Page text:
Problems with Image Uploads: If you have weird delays or time outs or the image won’t upload all the way, hit “Save Draft”, and that often clears up the issue.
Editing: I (or one of the other Editors) will try to check posts for obvious historical and grammar/typo issues, but the goal is for all Authors to be self-publishing, and responsible for the look, accuracy, grammar, etc of your posts. If we spend too much time editing, it takes us away from our own writing. We try to walk a middle path: fix the obvious, and accept that some minor mistakes and typos might slip through.
Editing A Piece Already Edited or Posted: Just make the changes you want directly in the text, and hit Update, Or Preview Changes, to check them first.
Part 2. Content Guidelines: CC is not static and will undoubtedly evolve. But the core of the content is of course defined by the subtitle: Every Car Has A Story. That’s obviously a very big tent. And if you’ve visited the site for a while, you’re undoubtedly familiar with all that entails, everything from cars themselves, personal histories with cars, unique finds, cars in tv and movies, and all sorts of other vehicles other than cars too. If it’s connected to wheeled objects, and it makes for interesting reading, it’s fair game, so there’s no need to explain it further, except for a few general guidelines and a few limitations.
Our content is roughly broken into long and short posts. The long ones are (of course) the Curbside Classics (CC), Automotive History (AH), Auto-Biography (AB) Cars Of A Lifetime (COAL), as well as any other features like CC Travelogues, etc.
What mainly separates the first three from the Blog posts is that they are our feature articles; longer in length, more in-depth, and with more original content and thought.
These posts will be archived in their respective Portals on the right side of the front page. That’s a key distinction from most automotive blogs: we are building a library that readers will find directly, or through google searches.
There is no hard and fast minimum or maximum length to these features. I’d suggest that 500-600 words might be a minimum. Typically, CCs and such tend to run about 800 – 2000 words, but I recommend staying to the lower side of that unless the piece is really well researched, written or compelling in some other way.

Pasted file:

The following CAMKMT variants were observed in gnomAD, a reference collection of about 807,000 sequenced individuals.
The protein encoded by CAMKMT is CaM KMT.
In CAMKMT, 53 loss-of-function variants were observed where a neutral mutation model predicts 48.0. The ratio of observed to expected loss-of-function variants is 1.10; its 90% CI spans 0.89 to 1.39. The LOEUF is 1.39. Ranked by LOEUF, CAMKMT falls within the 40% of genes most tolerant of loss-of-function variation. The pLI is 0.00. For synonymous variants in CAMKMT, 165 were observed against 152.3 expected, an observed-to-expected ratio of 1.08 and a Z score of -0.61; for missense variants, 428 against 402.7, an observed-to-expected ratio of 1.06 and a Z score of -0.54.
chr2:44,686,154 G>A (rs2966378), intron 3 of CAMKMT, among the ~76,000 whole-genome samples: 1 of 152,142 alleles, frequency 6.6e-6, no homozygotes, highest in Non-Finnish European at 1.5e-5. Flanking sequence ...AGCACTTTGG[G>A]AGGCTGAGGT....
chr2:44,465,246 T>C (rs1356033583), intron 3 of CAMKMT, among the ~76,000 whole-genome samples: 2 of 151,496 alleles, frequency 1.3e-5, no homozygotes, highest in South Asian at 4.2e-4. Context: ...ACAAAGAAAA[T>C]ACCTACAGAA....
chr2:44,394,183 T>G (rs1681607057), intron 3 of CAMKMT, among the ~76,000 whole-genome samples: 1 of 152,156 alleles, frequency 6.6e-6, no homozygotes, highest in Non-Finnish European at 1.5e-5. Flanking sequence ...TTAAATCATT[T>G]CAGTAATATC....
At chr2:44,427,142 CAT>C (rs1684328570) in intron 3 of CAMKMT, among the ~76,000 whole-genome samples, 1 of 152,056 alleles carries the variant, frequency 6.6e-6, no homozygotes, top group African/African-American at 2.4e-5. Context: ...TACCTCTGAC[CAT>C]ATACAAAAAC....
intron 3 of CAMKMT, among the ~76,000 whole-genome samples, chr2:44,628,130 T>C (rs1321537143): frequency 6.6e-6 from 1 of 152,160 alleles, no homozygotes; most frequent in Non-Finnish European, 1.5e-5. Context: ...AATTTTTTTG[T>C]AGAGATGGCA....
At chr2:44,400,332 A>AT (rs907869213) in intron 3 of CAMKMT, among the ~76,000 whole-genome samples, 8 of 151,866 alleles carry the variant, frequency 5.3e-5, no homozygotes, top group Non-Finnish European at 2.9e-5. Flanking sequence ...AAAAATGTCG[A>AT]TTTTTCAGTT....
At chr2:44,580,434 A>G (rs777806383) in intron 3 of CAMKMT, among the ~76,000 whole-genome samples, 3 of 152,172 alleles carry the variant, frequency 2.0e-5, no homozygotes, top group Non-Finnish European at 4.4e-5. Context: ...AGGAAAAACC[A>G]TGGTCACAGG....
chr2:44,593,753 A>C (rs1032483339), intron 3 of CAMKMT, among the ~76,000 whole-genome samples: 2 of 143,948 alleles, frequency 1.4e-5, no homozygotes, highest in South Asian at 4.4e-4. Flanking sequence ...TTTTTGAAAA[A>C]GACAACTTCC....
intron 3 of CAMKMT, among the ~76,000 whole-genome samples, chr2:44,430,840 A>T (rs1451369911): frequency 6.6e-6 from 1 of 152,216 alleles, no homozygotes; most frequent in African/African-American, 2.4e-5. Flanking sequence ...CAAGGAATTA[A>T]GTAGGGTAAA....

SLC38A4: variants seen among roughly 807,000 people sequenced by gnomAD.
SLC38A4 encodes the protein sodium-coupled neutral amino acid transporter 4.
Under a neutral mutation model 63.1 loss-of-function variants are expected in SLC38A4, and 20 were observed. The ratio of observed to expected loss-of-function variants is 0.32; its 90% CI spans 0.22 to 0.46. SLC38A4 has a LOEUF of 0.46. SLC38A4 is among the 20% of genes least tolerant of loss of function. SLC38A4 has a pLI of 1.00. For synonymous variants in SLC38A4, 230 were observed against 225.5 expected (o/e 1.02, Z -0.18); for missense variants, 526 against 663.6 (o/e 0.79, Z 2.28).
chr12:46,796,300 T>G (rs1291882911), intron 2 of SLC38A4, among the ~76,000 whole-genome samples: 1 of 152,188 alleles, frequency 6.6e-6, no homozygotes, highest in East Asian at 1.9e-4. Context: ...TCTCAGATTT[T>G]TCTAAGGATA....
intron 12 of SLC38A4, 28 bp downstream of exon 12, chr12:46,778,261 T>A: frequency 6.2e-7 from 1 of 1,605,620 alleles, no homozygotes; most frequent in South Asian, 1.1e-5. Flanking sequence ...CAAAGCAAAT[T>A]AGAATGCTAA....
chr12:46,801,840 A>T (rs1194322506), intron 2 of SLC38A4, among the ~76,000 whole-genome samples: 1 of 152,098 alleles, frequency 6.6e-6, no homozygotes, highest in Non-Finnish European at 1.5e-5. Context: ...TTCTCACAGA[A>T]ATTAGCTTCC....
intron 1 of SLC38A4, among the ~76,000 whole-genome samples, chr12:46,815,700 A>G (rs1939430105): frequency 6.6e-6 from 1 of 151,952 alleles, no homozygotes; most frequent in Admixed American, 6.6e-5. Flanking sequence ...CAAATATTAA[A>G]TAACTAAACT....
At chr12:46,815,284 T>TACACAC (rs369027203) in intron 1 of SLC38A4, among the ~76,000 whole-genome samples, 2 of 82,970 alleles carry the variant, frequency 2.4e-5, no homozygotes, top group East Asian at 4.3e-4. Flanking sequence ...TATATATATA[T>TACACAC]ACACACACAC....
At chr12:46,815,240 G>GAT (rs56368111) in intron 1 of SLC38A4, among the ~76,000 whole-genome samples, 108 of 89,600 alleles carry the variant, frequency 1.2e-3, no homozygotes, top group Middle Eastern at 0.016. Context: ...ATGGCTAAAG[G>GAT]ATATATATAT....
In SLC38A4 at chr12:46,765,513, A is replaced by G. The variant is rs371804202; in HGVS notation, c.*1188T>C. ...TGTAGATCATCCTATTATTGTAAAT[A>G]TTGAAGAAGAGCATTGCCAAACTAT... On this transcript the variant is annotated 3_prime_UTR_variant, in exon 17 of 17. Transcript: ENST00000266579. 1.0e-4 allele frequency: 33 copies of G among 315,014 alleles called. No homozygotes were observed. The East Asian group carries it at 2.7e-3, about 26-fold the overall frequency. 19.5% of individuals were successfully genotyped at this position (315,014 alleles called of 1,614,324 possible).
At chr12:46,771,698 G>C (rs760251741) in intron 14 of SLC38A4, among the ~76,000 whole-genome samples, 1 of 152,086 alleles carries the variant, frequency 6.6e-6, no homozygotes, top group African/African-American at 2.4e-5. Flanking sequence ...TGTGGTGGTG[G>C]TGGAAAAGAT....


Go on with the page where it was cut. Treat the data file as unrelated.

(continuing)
Curbside Classics: The core product. The preference is of course for cars found on the streets, driveways and parking lots, and still being used. One of the core aspects of CC is to document and honor the older cars that are still out there earning their keep. Authenticity is the watch-word. I personally avoid car shows, and the perfectly restored garage queens that one sees plenty of on sunny Sundays. But because car shows and such offer so much opportunity to shoot cars otherwise hard to find, we have started a Car Show Classics category as well as Museum Classics, etc…
Curbside Classics cover the full range from very objective to highly personal. A balance of that is ideal, but either direction can work well. If you have a more subjective/personal/contextive approach to a CC, then don’t sweat the historical facts too much. And if the focus is historical, and you can really add something to that, super. But if you just found a car, and lack either of those, just regurgitating some facts from Wikipedia for a CC is not quite enough. Google is your friend.
Regarding originality: We just want to respect other serious auto history sites’ efforts, and not just plunder. There are so many angles to take on any given car, so try to avoid that. The point is to try to either add to the collective knowledge, or explore a new angle.
CC Photographs: Here’s a few basic pointers. The minimum is shots from these angles: frontal, but usually not directly head-on. That works in some cars, but I’ve generally found that having a bit of an angle is better. Front-quarter, side rear quarter, and a rear, also with some deviation from perfectly straight on. Some cars like straight-on front and rear shot; many don’t. Let the car speak to you, or take plenty of shots and go through them at home.
The main thing is to get some decent, clear, high-quality shots. Most phones now do an adequate job, but beware of low-light situations, as well as glaring sunlight.
I always try to get an interior shot from the passenger front side window. You have to get the lens right up to window, and may have to cup it to avoid reflections. I understand that you may be uncomfortable doing this on certain streets. If you can’t get the interior, you can probably find it on the web.